If you are worried about your baby’s jaundice, read on. We will tell you when your baby’s jaundice will be a concern.
Skin and eye discoloration is called jaundice. Babies are very prone to jaundice because their liver is not yet developed enough to clear bilirubin (a yellow pigment produced by the breaking down of red blood cells).
what you will read next :
Prevalence of jaundice in infants
Jaundice is more common in three groups of infants:
- Preterm infants: infants born before the end of the 38th week of pregnancy
- Healthy babies with breastfeeding
- And in a smaller number, the cause of jaundice is underlying and congenital disorders
Infections and trauma that cause hematoma under the baby’s skin can also be a cause of jaundice.
Diagnosing the cause of jaundice in your baby’s skin and eyes should be done by a doctor. Sometimes jaundice is a warning sign of infection or bleeding in your baby.
Most babies born after 35 weeks, as well as most full-term babies (born after 38 weeks), will not need special treatment, but you as parents need to know the high levels of bilirubin in your blood if left unchecked, it can lead to major brain damage and events, so it’s best to know when to worry about your baby’s jaundice.
Symptoms of jaundice in infants
Symptoms of this disease include the following:
- Yellowing of the skin
- Yellowing of the whites of the eyes
These jaundices usually occur between the second and fourth days after birth.
You can gently press on your baby’s nose. If the child does not have jaundice, the skin color of the compressed area will be slightly lighter than the skin color for a few minutes after pressing the nose.
It is better to observe the skin color and do the action mentioned above in daylight
Causes of jaundice in infants
We said that an increase in blood bilirubin (hyperbilirubinemia) is the cause of jaundice
When red blood cells break down, a waste product called bilirubin is produced that must be removed from the bloodstream by the liver.
But in infants, bilirubin rises for two reasons:
- Red blood cells break down faster in babies
- The liver is not yet fully developed and has little power to clear the pigment, bilirubin, from the blood.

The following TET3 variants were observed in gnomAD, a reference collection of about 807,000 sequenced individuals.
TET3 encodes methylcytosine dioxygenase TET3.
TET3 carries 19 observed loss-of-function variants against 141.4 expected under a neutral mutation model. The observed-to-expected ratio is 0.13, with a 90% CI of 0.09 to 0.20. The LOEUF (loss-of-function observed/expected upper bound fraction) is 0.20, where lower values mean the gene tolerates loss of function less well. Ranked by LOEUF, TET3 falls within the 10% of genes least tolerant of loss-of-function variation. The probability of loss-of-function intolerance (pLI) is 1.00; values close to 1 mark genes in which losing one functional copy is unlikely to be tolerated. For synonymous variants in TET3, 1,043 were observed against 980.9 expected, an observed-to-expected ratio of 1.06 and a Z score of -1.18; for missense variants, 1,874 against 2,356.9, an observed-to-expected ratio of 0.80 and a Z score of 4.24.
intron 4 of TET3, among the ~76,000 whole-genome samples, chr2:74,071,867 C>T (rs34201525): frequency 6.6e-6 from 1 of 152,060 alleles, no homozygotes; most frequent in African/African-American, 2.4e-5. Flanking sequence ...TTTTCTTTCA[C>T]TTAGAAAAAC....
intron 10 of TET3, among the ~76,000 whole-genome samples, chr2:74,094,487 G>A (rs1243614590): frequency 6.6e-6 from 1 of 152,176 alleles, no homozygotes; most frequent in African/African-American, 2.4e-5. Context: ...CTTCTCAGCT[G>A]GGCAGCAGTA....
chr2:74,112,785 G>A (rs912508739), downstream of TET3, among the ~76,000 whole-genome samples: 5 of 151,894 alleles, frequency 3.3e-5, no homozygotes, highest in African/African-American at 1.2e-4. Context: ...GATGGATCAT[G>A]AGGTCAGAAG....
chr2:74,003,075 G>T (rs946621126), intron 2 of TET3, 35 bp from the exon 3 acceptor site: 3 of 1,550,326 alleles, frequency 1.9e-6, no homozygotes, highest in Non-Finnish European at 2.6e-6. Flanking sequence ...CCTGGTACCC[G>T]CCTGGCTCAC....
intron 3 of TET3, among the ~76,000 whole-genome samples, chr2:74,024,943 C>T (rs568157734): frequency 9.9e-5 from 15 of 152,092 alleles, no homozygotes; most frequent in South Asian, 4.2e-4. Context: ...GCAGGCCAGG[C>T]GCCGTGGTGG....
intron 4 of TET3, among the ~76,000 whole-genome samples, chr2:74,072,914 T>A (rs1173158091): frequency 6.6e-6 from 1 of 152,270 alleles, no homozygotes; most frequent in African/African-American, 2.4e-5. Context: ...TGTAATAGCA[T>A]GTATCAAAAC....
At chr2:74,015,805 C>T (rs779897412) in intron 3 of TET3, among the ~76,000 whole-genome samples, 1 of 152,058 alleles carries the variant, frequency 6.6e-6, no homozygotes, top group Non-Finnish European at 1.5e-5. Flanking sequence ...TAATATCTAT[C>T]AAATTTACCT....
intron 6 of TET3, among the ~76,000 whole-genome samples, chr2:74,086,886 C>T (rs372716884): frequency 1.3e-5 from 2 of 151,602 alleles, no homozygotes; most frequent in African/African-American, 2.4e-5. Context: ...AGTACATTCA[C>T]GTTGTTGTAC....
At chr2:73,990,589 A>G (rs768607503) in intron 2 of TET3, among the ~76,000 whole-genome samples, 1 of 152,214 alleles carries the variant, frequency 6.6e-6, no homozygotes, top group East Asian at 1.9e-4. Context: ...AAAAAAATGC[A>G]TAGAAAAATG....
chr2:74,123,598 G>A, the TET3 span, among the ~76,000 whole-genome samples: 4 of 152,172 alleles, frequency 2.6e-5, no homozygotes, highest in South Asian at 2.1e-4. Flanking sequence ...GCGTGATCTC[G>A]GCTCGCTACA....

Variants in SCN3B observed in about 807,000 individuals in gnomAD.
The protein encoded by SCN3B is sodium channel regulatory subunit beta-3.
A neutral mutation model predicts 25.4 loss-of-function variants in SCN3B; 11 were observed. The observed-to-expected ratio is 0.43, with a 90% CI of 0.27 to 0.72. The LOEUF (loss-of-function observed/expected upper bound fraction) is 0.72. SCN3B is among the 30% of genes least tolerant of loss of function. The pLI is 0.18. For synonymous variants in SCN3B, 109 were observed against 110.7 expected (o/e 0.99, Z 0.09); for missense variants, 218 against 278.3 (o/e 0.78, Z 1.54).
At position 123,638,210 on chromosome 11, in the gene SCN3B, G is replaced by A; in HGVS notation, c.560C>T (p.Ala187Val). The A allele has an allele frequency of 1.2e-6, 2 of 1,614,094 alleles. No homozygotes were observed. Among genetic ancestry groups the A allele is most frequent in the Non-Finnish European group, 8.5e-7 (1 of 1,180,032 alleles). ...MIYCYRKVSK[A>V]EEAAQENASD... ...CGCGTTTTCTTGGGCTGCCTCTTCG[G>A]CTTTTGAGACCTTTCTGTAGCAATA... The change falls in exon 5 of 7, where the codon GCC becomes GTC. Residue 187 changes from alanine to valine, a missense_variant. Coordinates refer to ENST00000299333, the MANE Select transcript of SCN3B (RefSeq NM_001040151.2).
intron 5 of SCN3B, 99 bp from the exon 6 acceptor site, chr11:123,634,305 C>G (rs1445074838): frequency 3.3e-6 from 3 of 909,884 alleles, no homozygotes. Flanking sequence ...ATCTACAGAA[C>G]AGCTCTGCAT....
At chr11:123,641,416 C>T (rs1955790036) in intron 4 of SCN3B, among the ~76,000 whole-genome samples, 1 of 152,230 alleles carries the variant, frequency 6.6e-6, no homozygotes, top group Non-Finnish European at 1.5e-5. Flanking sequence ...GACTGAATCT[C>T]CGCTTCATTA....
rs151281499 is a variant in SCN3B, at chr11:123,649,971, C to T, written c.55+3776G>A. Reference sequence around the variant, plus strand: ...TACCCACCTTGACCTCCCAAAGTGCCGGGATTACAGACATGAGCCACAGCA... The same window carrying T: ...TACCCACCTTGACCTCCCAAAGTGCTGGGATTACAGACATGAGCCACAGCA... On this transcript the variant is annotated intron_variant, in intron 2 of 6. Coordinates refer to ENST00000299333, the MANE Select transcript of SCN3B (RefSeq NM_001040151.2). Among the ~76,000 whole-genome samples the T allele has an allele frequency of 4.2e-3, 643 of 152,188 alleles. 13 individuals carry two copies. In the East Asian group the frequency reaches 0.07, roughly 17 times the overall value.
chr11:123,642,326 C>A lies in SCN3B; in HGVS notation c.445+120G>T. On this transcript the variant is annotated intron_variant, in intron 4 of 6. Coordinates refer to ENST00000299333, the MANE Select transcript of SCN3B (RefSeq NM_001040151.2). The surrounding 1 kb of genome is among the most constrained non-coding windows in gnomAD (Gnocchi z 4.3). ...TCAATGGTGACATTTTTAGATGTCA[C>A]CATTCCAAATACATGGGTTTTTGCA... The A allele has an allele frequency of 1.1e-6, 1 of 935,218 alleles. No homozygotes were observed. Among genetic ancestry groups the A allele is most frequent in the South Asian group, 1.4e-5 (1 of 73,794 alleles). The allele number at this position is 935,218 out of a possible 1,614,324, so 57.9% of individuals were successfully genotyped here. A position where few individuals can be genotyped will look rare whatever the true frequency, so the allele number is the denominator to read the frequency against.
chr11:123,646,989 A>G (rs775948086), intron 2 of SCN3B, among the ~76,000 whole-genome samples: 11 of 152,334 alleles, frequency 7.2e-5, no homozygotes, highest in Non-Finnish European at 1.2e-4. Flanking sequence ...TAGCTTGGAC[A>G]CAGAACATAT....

This process is the main cause of neonatal jaundice that occurs in the first two or three days after birth.
- Infections (viruses, etc.)
- Internal bleeding
- Infection in the blood (sepsis)
- Incompatibilities of mother and fetus blood
- Liver dysfunction due to congenital disorders
- Congenital deficiency of liver enzymes that are responsible for clearing bilirubin
- Congenital bile duct obstruction
- Neonatal red blood cell abnormalities
High risk groups:
The risk of jaundice is higher in the following infants:
- Babies born earlier than thirty-eight weeks
- Babies who have bruises during childbirth
- Babies of East Asian race
- Incompatibility of the mother’s blood with the baby
- Being Breastfed (swelling of the breast) of the baby
- Dehydration and insufficient calorie intake from breast milk at birth can cause jaundice for various reasons, such as lack of breast milk, the baby’s difficulty in breastfeeding, etc. Take adequate breastfeeding seriously and make sure your baby is full
Complications of high bilirubin
Bilirubin is considered as a (toxin) for brain cells. If jaundice is not controlled in severe cases, damage to brain cells occurs and is sometimes accompanied by lasting effects.
Symptoms in the early stages are:
- Hard to wake up and hard to stay awake baby
- The baby denies breastfeeding
- The back arch of the neck and body
- Constant crying
If you have a baby who has jaundice and is drowsy and does not breastfeed, you should not waste time going to a well-equipped child care center.
If left untreated at this stage, the brain cells will enter a phase of damage and this condition will become permanent, which is called corneal icterus.
In this phase, the symptoms are:
- Constantly look up
- Incidence of involuntary and uncontrollable movements in a child with Cerebral palsy is named
- Disproportionate dental development (crooked teeth) !!!!! in later years
The best way to prevent jaundice in infants, which you can do, is to breastfeed your baby eight to twelve times a day in the first days of life and make sure his body is not dehydrated, sometimes from about thirty to sixty milliliters. Formula is used every two to three hours in the first week of life to keep the baby hungry or dehydrated.
So if you have a baby who has severe jaundice and is drowsy and does not breastfeed for a few days and continues to cry, worry about serious brain damage and go to a well-equipped child center right away to prevent corneal icterus. Sometimes your baby needs a blood transfusion to avoid lasting complications